The Royal West of England Academy (RWA) is currently holding an exhibition that examines the beauty and peril of fire.
From the romantic flicker of candle glow to a lurching, gigantic charred figure (Man on Fire by Tim Shaw), the artworks on display at Fire: Flashes to Ashes in British Art 1692-2019 demonstrate the challenges of this most voracious and ferocious of phenomena.
As always, the curatorial team have called in exquisite classic works, as well as showcasing how modern artists are exploring the element currently devastating the Amazon rainforest. The third of the galleries’ element-themed exhibitions feels weightier, unsurprisingly, than either the Water or Air-themed shows, and yet lacks the otherworldly after-feel of either of those, which I particularly loved.
Here, there are fewer pieces that spill outwards from attempts at categorisation, but those that feature, not least Tim Shaw’s afore-mentioned Man on Fire sculpture, made from bin bags, foam and wire, as well as two dreamy pieces by Catherine Morland created using candle-flame on glass (shown above), are powerfully thought-provoking.
There are an array of artworks made by harnessing the power of fire and explosives, if only for a moment. Aoife van Linden Tol blasted discs of sheet copper to render her gorgeous, heat-scarred Sun III. In her case, the explosion was the focal point of a performance, rather than merely the means of creation; rather, it’s the artwork itself that is the byproduct.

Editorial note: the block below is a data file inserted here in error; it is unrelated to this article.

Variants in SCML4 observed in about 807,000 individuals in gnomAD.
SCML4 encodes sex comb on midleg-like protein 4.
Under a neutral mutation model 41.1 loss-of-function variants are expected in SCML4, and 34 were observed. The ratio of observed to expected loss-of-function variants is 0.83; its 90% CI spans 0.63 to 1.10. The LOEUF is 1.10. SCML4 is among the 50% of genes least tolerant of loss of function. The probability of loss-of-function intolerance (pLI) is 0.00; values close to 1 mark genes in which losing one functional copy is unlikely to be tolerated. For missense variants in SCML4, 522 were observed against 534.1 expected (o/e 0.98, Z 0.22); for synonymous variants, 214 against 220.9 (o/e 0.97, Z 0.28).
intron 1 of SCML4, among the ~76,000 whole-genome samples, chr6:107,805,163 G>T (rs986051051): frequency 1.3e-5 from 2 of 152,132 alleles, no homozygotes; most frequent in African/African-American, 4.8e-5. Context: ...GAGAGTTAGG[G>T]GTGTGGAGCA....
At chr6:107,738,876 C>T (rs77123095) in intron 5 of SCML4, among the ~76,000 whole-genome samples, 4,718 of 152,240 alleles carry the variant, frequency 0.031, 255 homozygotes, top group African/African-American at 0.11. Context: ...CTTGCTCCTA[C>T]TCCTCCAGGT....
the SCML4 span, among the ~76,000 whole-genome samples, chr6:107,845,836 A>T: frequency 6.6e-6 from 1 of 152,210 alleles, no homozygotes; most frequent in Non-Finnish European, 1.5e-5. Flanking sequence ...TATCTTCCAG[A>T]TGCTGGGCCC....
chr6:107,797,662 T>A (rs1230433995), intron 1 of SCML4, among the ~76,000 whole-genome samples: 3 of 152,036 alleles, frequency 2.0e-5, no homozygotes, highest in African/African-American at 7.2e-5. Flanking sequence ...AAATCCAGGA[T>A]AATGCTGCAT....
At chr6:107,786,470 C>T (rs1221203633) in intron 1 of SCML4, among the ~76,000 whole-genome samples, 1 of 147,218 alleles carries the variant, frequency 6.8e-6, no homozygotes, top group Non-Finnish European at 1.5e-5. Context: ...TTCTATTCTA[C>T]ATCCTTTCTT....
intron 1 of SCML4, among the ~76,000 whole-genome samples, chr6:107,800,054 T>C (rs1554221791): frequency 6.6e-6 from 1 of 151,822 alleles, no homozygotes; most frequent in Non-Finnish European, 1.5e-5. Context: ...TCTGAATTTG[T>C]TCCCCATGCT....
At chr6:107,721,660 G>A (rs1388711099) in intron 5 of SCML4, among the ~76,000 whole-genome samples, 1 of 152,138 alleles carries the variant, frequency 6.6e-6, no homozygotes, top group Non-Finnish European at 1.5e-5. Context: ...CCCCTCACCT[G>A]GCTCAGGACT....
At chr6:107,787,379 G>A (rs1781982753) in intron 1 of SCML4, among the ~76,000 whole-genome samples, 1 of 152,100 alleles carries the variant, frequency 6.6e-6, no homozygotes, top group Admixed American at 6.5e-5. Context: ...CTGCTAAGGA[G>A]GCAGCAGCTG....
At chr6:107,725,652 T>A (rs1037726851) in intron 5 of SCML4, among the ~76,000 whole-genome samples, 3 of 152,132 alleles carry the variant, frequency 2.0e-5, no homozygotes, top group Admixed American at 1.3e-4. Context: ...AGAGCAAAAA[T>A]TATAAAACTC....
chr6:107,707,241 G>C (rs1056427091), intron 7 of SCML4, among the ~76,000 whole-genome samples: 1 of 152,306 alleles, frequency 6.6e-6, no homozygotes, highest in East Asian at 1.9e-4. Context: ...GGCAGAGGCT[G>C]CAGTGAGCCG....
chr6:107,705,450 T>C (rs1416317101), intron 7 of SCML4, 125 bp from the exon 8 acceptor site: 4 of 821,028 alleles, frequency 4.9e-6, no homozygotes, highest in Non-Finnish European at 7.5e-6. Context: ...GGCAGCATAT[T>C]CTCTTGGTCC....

Roger Ankling painted directly with sunlight, with a lens for a paintbrush in an act of heliography, to produce his sculpture Voewood, while David Nash crafted his fingertip-tempting Burnt Bent Book using a blowtorch.
As Mowgli learnt in Rudyard Kipling’s The Jungle Book, fire is what sets us aside from other animals. It can be terrifyingly destructive, and yet it can also bring us together in comfort and safety.
Artists include William Blake, Wilhelmina Barns-Graham, Jeremy Deller, David Nash, Cornelia Parker, Stanley Spencer and JMW Turner.
Contrary to my own expectations, I found it was the more traditional pieces that drew me in – the richness of colour-play, of the fires’ brilliance against nightfall and its beauty set against what can only be panic and most likely death, makes them illustrations of the fragile line we tread beneath safety and peril.
My favourites include three watercolours by J. B. Pyne depicting the 1831 Bristol riots are jewel-like miniatures – undeniably exquisite despite their subject matter.
Look out for Sophie Clements’ mesmerising film (shown top). And on the way out, take a moment to admire Karl Singporewala’s sculpture of a blackened, skeletal Notre Dame tower – a reminder that human as well as natural wonders are susceptible to the hunger of flame.
Images supplied by the Royal West of England Academy.
Fire: Flashes to Ashes in British Art 1692-2019 is on at the Royal West of England Academy until 1st Sept 2019.
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